Gemstones in Order of Descending Refractive Index 146

Gemstones in Order of Descending Specific Gravity 147

Bibliography 148

Index 151

Reviews of the Third Edition:

  "If you are at all involved in buying and using gemstones you probably already own the previous edition of this wonderfully useful book. But much has transpired in the gem world in the 13 years since that edition. New gemstones have become popular and new treatments and imitations have appeared. Renée Newman’s completely revised third edition will bring you up to speed.

   The first six chapters focus on all the factors affecting quality: color, shape and cutting style, clarity and transparency, treatment status, carat weight, and more. Each of these is discussed in detail, well illustrated with helpful examples and references to actual dollar values. As this is principally a colored gemstones book, color receives an especially thorough treatment. Hue, saturation, uniformity, and other factors are explained and well illustrated, along with discussions of how lighting affects color and even psychological factors. A brief section discusses phenomenal stones such as stars and cats-eyes.

   The next three chapters discuss treatments and processes, synthetic stones, and “deceptive practices.” Here is where much has taken place since the previous edition was published. And perhaps we should be heartened by the fact that the Deceptive Practices chapter is only three pages long, in light of Pliny the Elder’s famous statement from almost 2000 years ago that “There is no fraud or deceit in the world which yields greater gain and profit than that of counterfeiting gems.”

   Then follows the largest section of the book, “Gemstone Descriptions” (78 pages). Here, each variety is discussed and illustrated along with technical data, history, sourcing, pricing, and important factors to look out for when buying. Of course this includes all the usual gemstones you would expect, but with updated information. And there are some (e.g., danburite, kyanite) added since the previous edition as well as some (e.g., ammolite) that have since come into wider usage. (Some of these “exotic” gems are more fully treated in Newman’s series of “Exotic Gems” books.) The book ends with a chapter on caring for your gems; useful charts of hardness, refractive index, and density; and a bibliography and index.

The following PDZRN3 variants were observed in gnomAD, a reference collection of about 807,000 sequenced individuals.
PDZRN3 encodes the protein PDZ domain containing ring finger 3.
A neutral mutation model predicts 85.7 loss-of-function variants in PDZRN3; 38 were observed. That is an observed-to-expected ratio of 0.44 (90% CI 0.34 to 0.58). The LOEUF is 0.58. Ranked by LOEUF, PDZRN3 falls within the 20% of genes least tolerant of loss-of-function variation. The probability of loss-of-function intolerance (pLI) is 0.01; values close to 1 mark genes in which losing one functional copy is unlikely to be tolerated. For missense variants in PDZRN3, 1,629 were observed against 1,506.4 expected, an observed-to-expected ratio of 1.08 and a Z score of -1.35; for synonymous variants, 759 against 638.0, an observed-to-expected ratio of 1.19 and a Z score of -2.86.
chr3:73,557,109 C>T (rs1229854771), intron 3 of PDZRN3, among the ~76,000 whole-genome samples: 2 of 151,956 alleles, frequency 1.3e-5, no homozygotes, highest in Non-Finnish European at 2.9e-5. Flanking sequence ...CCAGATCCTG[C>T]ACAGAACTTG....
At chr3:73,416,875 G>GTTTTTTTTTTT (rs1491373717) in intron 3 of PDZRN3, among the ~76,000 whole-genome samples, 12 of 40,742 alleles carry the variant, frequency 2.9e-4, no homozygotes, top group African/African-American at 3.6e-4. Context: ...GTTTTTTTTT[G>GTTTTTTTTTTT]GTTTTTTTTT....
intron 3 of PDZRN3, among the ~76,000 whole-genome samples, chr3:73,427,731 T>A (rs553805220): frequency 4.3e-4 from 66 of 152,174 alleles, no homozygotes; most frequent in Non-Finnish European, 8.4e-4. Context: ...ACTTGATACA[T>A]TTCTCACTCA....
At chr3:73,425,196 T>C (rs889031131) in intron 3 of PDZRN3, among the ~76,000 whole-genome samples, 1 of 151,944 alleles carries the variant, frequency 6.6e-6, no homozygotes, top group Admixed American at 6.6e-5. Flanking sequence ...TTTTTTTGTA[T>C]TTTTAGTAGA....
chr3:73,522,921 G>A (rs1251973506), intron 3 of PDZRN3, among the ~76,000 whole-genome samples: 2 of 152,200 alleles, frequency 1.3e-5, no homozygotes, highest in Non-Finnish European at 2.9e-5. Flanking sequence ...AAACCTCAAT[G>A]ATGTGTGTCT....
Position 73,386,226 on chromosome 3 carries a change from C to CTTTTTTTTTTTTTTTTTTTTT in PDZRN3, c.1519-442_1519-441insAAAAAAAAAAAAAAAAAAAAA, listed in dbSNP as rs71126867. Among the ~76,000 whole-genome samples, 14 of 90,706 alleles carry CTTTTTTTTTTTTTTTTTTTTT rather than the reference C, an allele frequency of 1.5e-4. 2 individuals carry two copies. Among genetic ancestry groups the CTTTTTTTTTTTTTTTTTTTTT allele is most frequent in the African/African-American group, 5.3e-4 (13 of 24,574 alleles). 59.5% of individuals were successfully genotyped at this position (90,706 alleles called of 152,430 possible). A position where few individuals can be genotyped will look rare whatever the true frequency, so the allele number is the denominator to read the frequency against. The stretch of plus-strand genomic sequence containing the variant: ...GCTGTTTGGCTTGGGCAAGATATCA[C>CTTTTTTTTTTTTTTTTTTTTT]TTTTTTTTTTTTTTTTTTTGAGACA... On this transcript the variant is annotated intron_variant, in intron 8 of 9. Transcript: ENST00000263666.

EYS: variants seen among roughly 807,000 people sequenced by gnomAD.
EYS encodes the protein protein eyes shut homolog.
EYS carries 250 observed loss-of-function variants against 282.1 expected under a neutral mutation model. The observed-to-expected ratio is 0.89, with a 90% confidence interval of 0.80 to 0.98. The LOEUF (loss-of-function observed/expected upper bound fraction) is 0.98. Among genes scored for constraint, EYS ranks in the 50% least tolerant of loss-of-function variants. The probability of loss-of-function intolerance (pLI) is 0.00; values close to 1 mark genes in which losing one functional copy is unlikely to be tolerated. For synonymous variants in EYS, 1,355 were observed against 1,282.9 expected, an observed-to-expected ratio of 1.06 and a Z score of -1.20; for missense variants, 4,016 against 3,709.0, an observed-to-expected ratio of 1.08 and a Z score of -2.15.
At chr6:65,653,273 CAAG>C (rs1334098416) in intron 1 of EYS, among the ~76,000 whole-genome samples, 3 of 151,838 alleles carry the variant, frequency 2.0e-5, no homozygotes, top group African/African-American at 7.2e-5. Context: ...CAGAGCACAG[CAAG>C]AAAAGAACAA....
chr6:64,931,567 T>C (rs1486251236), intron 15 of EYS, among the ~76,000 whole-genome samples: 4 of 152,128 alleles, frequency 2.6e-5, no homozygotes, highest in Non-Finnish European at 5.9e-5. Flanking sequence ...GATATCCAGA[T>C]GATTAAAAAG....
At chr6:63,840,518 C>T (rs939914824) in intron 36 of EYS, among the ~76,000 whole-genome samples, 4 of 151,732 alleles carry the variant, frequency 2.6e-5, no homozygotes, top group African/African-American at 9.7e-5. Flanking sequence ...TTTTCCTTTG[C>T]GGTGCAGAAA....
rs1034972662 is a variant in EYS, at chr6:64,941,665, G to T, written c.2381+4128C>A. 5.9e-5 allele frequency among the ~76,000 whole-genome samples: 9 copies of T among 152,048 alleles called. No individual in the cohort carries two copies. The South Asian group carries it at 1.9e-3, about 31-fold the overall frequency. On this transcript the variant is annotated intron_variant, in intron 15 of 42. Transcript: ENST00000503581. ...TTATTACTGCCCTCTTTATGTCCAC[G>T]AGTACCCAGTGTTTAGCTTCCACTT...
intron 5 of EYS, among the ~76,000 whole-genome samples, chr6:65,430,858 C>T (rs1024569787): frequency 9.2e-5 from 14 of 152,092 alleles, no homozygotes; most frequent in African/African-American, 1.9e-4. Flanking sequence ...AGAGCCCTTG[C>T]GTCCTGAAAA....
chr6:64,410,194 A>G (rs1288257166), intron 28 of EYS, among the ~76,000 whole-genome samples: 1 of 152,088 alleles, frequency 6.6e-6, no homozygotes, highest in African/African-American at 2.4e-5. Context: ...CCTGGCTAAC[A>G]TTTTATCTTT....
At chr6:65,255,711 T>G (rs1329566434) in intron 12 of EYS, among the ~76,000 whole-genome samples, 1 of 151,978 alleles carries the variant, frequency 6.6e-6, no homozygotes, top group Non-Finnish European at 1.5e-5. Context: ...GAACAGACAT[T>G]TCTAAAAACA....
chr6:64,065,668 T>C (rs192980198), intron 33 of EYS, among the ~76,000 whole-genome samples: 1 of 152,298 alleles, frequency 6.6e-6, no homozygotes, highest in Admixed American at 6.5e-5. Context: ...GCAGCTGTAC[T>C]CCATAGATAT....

One point to be aware of is that this edition is one inch narrower than the previous one, so illustrations are a tiny bit smaller. The upside is that the newer edition is more convenient to carry on those gem shopping sprees. This book advertises itself as “straight talk on buying gems” and that’s precisely what it delivers. Like all of Ms. Newman’s gem books the writing is clear, concise, and helpful. The previous edition was reprinted nine times, just to give you some idea of how well regarded her gemstone writings are. So if you are still holding on to your dog-eared previous edition, it’s time to update. And if you’ve never owned any version at all you are in for a real treat."

    Eric Hoffman, ASJRA (Association for the Study of Jewelry and Related Arts) Newsletter

 

    This third edition is a completely revised version of the Gemstone Buying Guide, and it has been updated with well-rounded information that is organized into 12 chapters:

Chapter 1 explains coloured gemstone pricing factors.

Chapters 2–6 explain how to examine a stone according to the ‘4 Cs’ (cut, carat, colour and clarity).

Chapter 7 is a short section on cat’s-eye and star stones.

Chapters 8–9 cover various treatment processes and the identification features useful for dis-tinguishing between natural and synthetic gem-stones.

Chapter 10 warns the reader about practices done with the intent to deceive the gemstone buyer.

Chapter 11 provides 77 pages describing the history, characteristics and sources of the more important gem varieties on the market, organized alphabetically.

Chapter 12 concludes with a short but nonetheless important section on how to care for your gems.

     The final pages contain a tabulation of birthstones and anniversary stones, followed by a list of gem varieties in order of descending Mohs hardness.

The book includes several new gem varieties that were not covered in previous editions. It is also a ‘feast for the eye’, with 356 colour images by a variety of photographers. Newman once again included several of my photos, which I greatly appreciate. She has also conveyed captivating historical information on the gems that she profiles.